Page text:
It takes about 25 minutes to dig a hole in the sand large enough to accommodate a man who is 5 feet 6 inches tall. Richard Gibson knows this because he has shoveled out what is called in the Marine Corps a "Ranger grave." The idea is that in lieu of barracks, you dig a hole until you can lie in it on your back, your nose beneath the ground, so that if a mortar explodes nearby, the shrapnel will explode overhead. The reality is that it's better to be lucky than a good digger.
It was March 2003 when Gibson's unit, part of the 3rd Battalion, Fifth Marine Regiment, rolled to a stop outside the ancient city of Samarra in Iraq. In the shadow of the structure that Marco Polo once thought was the Tower of Babel, Gibson began to dig. Sweat pooled inside his chemical-biological warfare suit, but it felt good to work his muscles after spending 12 hours behind the wheel of a Humvee.
Marines aren't trained to be idle. When everything stops, they're like a spring coiled with tension. But he had finished the hole. "Those were the darkest times in Iraq. After I said my prayers," Gibson says. "I said, 'Let me wake up.' I tried to find a happy place."
Rather than dig himself apart, he turned to music. In a hole 9 inches deep, he mentally replayed Johan Jonatan "Jussi" Björling, his father's favorite, singing "Nessun Dorma" (which translates from Italian into English as "None Shall Sleep"), an aria from the opera Turandot.
It's about an hour before the curtain rises for the very first time at the Kauffman Center for the Performing Arts. It's September 16, and the Muriel Kauffman Theatre is packed, some having paid as much $1,000 a seat for the opportunity to be the first inside the Moshe Safdie-designed building that was 16 years in the making.
Gibson, 30, is walking around backstage, stretching his legs and his voice. Gray hair sneaks in at the temples of his jet-black hair; his brown eyes burn intensely. This is Gibson's sixth season with the Lyric Opera, but the stage is suddenly a lot larger. He catches a glimpse of Broadway legend Patti LuPone and sees a tall, thin figure who looks just like Tommy Tune sans his tap shoes. It is Tune, in town to christen the stage alongside LuPone and famed tenor Placido Domingo.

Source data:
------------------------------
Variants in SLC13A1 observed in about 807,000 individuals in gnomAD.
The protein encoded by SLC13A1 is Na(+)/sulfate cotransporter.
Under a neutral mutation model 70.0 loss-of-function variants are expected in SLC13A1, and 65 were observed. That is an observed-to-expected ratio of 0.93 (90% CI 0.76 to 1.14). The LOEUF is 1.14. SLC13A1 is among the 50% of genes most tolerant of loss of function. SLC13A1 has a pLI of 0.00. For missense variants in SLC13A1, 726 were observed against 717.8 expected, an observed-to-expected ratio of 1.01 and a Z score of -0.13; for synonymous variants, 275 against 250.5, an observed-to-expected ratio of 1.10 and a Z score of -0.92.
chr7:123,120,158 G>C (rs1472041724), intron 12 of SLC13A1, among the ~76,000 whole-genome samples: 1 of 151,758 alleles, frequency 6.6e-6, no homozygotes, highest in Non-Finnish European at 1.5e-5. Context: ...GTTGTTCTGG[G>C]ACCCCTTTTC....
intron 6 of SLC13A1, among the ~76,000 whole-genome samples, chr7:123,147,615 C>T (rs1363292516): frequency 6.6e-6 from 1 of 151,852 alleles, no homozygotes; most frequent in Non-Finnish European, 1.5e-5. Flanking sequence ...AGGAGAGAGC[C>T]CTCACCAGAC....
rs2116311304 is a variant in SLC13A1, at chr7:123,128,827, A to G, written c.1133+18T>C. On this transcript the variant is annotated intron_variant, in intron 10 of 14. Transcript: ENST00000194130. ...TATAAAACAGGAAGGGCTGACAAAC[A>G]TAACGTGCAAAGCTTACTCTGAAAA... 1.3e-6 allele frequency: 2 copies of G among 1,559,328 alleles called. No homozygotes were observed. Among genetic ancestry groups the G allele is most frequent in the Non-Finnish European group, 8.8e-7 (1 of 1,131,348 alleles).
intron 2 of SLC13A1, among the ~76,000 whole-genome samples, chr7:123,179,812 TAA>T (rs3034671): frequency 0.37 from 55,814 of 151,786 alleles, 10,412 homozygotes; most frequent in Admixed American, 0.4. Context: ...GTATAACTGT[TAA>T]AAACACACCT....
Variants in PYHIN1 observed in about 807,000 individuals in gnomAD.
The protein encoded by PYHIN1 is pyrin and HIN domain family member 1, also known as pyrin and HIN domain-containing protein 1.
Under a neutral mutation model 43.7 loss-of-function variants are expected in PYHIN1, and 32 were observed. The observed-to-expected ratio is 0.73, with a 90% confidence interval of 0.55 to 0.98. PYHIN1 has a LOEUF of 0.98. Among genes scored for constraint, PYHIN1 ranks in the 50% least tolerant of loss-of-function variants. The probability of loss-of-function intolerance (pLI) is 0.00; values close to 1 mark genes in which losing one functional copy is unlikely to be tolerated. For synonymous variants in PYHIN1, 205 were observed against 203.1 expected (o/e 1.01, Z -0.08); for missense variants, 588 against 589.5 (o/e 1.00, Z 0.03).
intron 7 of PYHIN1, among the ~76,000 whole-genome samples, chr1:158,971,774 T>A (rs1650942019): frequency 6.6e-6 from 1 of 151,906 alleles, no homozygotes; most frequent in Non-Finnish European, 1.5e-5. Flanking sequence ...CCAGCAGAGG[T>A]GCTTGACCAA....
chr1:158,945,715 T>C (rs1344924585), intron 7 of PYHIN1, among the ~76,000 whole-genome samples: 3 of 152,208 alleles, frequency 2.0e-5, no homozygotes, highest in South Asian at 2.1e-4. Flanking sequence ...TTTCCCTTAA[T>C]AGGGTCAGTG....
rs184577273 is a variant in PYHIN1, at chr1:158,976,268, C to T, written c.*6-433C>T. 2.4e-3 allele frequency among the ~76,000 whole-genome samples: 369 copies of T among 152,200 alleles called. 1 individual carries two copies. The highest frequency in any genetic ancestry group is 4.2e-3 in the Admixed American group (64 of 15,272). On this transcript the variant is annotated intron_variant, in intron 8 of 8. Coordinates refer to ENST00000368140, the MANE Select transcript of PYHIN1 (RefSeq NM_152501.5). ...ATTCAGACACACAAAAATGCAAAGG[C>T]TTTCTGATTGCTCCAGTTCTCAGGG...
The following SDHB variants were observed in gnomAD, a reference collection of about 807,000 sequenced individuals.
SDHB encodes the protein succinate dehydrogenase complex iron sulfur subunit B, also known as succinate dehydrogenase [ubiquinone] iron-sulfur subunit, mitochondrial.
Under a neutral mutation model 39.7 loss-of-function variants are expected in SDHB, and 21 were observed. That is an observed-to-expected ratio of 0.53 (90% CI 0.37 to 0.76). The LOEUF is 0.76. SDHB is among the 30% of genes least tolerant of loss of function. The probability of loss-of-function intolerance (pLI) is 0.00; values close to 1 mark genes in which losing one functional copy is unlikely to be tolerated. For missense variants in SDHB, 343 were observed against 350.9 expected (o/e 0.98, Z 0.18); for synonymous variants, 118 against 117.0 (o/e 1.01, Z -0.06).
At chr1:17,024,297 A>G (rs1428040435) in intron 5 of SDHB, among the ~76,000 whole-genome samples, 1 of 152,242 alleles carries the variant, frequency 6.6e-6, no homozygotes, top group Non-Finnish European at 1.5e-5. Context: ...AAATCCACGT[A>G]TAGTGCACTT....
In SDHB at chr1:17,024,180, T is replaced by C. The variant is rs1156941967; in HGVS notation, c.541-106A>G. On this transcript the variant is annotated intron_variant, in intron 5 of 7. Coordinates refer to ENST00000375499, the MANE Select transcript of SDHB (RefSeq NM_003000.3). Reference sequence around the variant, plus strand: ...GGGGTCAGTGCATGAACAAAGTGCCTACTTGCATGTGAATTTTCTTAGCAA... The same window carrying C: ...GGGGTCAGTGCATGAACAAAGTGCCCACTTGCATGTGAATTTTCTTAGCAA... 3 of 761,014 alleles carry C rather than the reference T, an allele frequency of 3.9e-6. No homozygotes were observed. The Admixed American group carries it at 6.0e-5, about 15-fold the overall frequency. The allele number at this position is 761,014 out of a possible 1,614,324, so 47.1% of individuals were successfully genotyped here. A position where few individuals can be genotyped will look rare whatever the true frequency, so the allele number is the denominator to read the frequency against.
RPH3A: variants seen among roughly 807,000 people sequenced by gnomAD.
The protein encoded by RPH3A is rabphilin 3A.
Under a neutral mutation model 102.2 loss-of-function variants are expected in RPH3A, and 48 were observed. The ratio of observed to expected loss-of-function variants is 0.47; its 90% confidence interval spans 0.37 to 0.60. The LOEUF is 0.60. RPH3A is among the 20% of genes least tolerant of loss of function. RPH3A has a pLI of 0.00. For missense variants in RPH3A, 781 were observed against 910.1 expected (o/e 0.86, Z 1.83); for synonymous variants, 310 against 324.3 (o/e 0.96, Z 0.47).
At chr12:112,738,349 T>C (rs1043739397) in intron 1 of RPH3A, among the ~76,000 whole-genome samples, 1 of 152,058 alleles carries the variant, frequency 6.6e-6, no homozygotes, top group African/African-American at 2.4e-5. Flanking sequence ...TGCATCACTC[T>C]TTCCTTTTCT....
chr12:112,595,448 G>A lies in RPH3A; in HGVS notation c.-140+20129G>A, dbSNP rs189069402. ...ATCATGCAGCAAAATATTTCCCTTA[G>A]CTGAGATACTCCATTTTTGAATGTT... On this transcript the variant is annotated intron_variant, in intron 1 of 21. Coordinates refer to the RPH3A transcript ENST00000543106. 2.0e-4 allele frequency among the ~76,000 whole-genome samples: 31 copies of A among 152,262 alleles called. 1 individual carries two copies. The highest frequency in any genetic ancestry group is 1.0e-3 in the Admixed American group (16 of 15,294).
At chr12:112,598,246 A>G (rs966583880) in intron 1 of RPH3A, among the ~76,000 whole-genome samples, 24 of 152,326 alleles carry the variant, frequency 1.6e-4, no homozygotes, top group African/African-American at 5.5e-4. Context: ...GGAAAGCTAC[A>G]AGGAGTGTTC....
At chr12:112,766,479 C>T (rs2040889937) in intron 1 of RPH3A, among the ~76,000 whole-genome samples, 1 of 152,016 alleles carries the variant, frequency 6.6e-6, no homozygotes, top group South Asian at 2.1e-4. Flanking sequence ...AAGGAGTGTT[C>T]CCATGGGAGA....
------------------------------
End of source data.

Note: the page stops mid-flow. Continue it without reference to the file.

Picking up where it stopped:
"I'm trying to be cool, but it's surreal," Gibson will say later. "I just want to pull up a cot in back and sleep there."
Instead, he touches the dog tags under his pirate shirt — the Lyric Opera is performing selections from The Pirates of Penzance — and remembers that he is not just singing for himself. All too soon, the stage manager calls for places.
"As a performer that is still struggling and working, you always wonder: What type of stage is too big for me?" Gibson says.
He steps out from the wings to discover the answer.
Snow was on the ground when the Gibson family arrived in central Minnesota. The family of six had traveled more than 8,000 miles, emigrating from Grahamstown, South Africa, with just $8,000 to their name. It was two days before Christmas. Richard was 5 years old.
Soon after their arrival, Richard's father, Hugo, took a position at Cleveland Chiropractic College in Kansas City. He left the family in Minnesota while he taught and studied for the boards, which would allow him to practice in the United States. By Christmas the following year, Hugo was able to move everyone to Lee's Summit.
Growing up, Gibson seemed to be doing one of two things: singing or fighting. The first was by choice; the second was a result of the fact that he wasn't one to compromise.
"He was always an intense young man," his mother, Judy, says. "I remember when he had friends over to our house. He made sure nobody took the Lord's name in vain. He was a really passionate young man, and I guess that's just carried over."
The youngest of four children, Gibson left South Africa at an early enough age that he didn't speak with much of an accent. But bullies are never picky, their targets only having to be a little bit different. Gibson marks the passage of his childhood with dust-ups — and moments onstage.